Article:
When it comes to virtualized workloads, one thing I commonly see overlooked in the design of the solution, is the placement of workloads. In this post, I want to cover VMware vSphere VM placement rules using the “VM/Host Rules” feature.
This is a feature that I commonly see overlooked and not configured, especially in smaller single cluster environments, however I’ve also seen this happen in very large scale environments as well.
Let’s cover the why, what, who, and how…
While VMware vSphere does have a number of technologies built in for redundancy, load-balancing, and availability, as part of the larger solution we often find our workloads, specifically 3rd party platforms, with their own solutions that accomplish the same thing.
We need to identify which HA (High Availability) or redundancy solution to use, based on the application, service, and how it works.
For example, using VMware vSphere HA, or High Availability, if vCenter (and/or vCLS) detects a host goes offline, it can restart the workload on other online hosts. There is time associated with the detection and boot time, resulting in a loss of service during this period.
Third party solutions often have their own high availability or redundancy built in to the solution, such as Microsoft Active Directory. In this case with a standard configuration, at any time, any domain controller can respond to a clients request for resources. If one DC goes offline, other DCs can respond to the request resulting in no downtime.
Obviously, in the case of Active Directory Domain Controllers, you’d much prefer to have multiple DCs in your environment, instead of using one with vSphere HA.
Additionally, if you did have multiple domain controllers, you’d want to make sure they aren’t all placed on the same ESXi host. This is where we start to incorporate VM placement in to our solution.
When it comes to 3rd party solutions like mentioned above, we need to identify these workloads and factor them in to the design of the solution we are either implementing, maintaining, or improving.
Example of VM workloads used with VM Placement
A few examples of these workloads with their own load-balancing and availability technologies:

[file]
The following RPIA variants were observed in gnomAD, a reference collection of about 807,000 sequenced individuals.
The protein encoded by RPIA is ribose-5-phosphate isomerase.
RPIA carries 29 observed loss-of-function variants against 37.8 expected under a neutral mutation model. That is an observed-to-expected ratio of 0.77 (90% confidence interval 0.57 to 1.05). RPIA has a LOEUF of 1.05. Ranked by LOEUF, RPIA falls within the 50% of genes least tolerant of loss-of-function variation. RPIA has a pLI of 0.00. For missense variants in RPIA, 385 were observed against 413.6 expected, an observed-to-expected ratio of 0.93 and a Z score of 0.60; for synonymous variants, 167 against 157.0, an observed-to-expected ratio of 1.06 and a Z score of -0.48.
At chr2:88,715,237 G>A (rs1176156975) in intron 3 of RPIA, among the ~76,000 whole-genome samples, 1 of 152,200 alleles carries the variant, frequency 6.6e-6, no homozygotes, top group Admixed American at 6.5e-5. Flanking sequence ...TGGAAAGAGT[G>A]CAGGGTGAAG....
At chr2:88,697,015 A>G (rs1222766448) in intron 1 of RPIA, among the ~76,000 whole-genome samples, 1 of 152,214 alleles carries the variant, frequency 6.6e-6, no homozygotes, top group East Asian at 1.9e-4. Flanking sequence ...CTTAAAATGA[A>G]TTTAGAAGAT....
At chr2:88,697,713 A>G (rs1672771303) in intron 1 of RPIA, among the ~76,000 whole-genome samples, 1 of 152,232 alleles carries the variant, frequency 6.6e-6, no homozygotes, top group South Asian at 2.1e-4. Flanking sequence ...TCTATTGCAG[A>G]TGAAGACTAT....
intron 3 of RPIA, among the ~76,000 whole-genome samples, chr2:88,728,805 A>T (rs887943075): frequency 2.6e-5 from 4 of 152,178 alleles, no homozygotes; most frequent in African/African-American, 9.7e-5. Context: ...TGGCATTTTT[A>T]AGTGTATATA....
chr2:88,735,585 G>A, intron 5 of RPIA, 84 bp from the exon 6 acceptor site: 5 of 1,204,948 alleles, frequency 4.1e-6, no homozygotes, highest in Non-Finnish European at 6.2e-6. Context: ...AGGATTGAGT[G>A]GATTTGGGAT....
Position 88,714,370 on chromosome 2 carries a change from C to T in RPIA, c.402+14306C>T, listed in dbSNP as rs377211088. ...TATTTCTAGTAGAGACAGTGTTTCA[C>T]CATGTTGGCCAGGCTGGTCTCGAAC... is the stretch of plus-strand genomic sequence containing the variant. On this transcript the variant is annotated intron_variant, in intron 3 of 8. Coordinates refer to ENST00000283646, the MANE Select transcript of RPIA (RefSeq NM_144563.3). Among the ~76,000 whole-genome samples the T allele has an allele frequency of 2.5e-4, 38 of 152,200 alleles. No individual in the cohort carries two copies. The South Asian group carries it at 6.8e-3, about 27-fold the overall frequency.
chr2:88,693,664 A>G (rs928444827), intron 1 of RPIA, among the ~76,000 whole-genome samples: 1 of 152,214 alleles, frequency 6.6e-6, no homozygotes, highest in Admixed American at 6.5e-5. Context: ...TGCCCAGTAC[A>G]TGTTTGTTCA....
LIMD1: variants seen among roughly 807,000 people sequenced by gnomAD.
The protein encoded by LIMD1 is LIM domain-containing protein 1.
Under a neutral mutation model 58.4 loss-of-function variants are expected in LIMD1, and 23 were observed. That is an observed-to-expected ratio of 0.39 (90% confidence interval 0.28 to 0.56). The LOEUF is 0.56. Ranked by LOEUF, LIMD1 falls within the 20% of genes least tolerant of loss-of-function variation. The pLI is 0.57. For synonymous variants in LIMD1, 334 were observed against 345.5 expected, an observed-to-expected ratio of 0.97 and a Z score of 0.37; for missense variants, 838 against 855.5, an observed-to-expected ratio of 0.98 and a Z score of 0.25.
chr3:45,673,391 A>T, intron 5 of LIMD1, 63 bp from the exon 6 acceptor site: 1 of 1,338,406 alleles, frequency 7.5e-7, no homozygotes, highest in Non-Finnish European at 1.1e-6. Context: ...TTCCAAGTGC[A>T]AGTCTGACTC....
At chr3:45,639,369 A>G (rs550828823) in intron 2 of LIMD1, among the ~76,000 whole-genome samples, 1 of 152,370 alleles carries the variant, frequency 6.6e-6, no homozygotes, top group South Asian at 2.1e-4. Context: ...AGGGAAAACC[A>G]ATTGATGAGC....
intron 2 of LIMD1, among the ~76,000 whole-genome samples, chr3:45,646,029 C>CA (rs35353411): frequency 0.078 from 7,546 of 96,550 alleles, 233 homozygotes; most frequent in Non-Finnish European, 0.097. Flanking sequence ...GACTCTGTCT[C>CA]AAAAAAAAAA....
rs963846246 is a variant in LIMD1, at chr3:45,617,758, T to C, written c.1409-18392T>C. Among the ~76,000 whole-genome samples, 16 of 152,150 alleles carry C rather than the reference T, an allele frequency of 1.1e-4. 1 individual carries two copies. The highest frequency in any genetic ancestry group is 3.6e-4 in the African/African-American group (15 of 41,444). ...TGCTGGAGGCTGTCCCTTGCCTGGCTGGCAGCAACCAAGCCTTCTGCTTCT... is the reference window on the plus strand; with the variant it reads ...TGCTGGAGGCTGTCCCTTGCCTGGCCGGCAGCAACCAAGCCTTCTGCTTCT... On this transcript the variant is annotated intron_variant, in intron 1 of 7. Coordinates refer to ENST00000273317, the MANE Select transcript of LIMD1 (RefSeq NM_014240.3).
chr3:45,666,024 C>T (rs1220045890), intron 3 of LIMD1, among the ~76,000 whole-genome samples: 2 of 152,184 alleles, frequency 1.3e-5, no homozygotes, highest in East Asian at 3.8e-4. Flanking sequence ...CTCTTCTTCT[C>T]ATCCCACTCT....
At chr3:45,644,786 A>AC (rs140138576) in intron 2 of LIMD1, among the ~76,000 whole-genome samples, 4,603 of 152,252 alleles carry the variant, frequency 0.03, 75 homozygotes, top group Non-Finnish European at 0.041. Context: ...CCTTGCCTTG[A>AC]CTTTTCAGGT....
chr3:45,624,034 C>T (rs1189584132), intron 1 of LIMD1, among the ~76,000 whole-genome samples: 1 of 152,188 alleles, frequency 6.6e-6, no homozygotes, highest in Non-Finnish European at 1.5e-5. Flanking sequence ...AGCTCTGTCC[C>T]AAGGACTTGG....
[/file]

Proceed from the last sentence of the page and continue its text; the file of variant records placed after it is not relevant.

- Microsoft Windows Active Directory Domain Controllers
- Microsoft Windows Servers running DNS/DHCP Servers
- Virtualized Active/Active or Active/Passive Firewall Appliances
- VMware Horizon UAG (Unified Access Gateway) configured in HA mode
- Other servers/services that have their own availability systems
As you can see, the applications all have their own special solution for availability, so we must insure the different “nodes” or “instances” are running on different ESXi hosts to avoid a host failure bringing down the entire solution.
Unless otherwise specified by the 3rd party vendor, I would recommend using VM/Host Rules in combination with vSphere DRS and HA.
Configuring VM Placement with VM/Host Rules
To configure these rules, follow the instructions below:
- Log on to your VMware vCenter Server
- Select a Cluster
- Click on the “Configure” tab, and then “VM/Host Rules”
- Here you can Add/Edit/Delete VM Host Rules
- Click on “Add”, and give the rule a new name (Example: Domain Controllers)
- For “Type”, select “Separate Virtual Machines”
- Click “Add” and select your Domain Controllers and add them to the rule.
After you click “OK”, the rule should now be saved, and DRS will make sure these VMs are now running on separate hosts.
Below you can see another example of a configured system, separating 2 Active/Passive Firewall appliances.
As you can see, VM placement with VM/Host Rules is very easy to configure and deploy.
Note, if you implement these rules and do not have enough hosts to fullfill the requirements, the hosts may fail to be evacuated by DRS when placing in maintenance mode, or remediating with vLCM (Lifecycle Manager).
In this case, you’ll need to manually vMotion the VM’s to other hosts (to violate the rule) or shut some down.